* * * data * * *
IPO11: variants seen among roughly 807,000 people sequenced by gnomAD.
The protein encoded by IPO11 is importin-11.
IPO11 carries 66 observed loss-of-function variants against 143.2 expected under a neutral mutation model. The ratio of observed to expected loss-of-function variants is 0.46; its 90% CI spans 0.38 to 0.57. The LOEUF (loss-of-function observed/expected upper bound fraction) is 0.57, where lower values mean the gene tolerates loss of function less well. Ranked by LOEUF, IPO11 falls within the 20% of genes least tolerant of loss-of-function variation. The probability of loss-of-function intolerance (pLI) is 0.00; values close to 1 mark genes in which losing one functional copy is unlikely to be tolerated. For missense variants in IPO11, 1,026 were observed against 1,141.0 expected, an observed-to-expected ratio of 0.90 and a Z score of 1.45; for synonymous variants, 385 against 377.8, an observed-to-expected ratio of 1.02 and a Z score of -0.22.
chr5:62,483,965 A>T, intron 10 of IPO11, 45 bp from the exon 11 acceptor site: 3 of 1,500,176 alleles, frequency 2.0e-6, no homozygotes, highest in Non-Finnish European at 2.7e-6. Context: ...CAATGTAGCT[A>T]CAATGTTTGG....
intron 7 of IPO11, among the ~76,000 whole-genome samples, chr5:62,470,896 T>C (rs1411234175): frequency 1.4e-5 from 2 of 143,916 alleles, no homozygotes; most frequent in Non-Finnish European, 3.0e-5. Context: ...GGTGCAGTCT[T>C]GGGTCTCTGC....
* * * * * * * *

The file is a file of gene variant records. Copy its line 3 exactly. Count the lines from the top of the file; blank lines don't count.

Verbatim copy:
IPO11 carries 66 observed loss-of-function variants against 143.2 expected under a neutral mutation model. The ratio of observed to expected loss-of-function variants is 0.46; its 90% CI spans 0.38 to 0.57. The LOEUF (loss-of-function observed/expected upper bound fraction) is 0.57, where lower values mean the gene tolerates loss of function less well. Ranked by LOEUF, IPO11 falls within the 20% of genes least tolerant of loss-of-function variation. The probability of loss-of-function intolerance (pLI) is 0.00; values close to 1 mark genes in which losing one functional copy is unlikely to be tolerated. For missense variants in IPO11, 1,026 were observed against 1,141.0 expected, an observed-to-expected ratio of 0.90 and a Z score of 1.45; for synonymous variants, 385 against 377.8, an observed-to-expected ratio of 1.02 and a Z score of -0.22.